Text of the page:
Legislative efforts to dramatically boost the number of Texas students taking online courses have been sidetracked by strong opposition from public education groups and a hefty price tag that stunned supporters.
The state’s virtual school network now serves only a fraction of high school students. Legislation pending before the Senate would add courses to attract thousands more and expand the network to private school and home-school students.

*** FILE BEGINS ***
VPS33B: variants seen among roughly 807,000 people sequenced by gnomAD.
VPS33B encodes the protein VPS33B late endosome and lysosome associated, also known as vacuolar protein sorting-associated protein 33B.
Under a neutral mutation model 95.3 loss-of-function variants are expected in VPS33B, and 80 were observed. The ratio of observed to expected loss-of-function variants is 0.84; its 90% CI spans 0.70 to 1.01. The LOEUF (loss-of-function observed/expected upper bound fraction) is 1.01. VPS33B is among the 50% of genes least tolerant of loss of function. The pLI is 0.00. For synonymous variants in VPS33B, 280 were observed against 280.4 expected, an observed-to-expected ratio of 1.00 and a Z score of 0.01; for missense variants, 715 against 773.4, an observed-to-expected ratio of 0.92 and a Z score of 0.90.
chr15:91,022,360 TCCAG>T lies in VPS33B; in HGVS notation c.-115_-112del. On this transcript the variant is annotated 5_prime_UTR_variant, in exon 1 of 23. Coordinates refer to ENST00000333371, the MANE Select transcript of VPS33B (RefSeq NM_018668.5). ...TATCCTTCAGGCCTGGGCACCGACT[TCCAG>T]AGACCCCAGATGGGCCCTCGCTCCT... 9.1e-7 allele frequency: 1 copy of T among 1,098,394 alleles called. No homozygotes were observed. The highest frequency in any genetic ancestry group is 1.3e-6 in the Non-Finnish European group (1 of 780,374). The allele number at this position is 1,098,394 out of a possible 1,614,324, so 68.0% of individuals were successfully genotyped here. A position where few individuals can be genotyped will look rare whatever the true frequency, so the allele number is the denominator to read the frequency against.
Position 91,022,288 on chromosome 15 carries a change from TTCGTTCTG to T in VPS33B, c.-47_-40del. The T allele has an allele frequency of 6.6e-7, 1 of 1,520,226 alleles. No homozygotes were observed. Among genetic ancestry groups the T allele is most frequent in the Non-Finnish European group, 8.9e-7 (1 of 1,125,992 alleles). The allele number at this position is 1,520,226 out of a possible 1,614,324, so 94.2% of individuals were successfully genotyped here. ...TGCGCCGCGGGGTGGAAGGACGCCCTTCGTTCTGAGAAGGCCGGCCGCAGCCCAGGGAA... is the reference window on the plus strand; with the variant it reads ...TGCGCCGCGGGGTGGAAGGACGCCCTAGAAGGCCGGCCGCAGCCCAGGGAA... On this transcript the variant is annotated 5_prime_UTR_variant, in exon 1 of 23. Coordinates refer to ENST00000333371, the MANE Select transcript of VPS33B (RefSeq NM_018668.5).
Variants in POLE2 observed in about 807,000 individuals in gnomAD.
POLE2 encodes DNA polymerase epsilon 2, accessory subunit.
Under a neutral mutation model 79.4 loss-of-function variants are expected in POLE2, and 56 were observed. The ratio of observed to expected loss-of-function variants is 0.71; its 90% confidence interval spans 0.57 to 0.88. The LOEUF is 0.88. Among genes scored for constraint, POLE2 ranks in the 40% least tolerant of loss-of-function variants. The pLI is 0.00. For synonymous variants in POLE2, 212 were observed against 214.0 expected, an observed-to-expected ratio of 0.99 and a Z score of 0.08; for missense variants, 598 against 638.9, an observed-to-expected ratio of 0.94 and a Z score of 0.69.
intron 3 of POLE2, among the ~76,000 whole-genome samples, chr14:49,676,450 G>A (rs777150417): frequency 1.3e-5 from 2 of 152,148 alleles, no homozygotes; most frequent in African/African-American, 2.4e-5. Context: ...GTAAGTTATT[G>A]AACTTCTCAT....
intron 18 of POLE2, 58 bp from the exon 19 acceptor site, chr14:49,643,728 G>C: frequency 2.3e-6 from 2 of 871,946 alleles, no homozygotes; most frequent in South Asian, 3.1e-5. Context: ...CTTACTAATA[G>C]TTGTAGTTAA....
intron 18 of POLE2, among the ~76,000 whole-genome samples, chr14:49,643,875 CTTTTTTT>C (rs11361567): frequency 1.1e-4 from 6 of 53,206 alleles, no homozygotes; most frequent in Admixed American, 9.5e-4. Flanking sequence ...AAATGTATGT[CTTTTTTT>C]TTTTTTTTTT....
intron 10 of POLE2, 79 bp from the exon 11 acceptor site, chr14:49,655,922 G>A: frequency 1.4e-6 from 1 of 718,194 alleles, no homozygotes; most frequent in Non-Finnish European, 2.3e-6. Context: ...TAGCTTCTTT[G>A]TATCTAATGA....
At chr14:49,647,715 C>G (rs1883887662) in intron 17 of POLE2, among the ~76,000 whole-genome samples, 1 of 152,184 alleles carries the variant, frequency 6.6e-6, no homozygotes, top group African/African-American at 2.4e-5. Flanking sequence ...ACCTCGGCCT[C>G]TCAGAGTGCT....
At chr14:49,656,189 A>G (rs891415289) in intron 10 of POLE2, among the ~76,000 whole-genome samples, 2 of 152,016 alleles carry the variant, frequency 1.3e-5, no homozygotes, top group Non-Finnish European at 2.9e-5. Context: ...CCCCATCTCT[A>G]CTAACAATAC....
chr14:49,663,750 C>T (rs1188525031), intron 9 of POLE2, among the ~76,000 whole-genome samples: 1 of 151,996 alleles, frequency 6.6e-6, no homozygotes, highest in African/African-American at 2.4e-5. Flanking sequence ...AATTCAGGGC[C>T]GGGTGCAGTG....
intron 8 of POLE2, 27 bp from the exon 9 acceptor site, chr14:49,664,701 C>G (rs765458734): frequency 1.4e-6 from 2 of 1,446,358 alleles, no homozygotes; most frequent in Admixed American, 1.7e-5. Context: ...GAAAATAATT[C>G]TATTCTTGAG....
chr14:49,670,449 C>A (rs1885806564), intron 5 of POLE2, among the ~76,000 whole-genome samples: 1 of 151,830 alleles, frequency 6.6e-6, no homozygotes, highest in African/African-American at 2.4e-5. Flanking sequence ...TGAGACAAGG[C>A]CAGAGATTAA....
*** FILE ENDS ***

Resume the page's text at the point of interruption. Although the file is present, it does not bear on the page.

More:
The measure also would broaden the list of virtual education providers, now limited to school districts, charter schools and colleges, to nonprofit entities and private companies. And it would require school districts to provide all students in grades three through 12 an opportunity to enroll in electronic courses.
“Technology has revolutionized society, yet our state education system does not benefit as much as it could from online learning,” said Sen. Glenn Hegar, R-Katy, who wrote the virtual education bill. “Every major university in Texas as well as driver’s license courses are online. But 99 percent of our students have no experience with online courses.”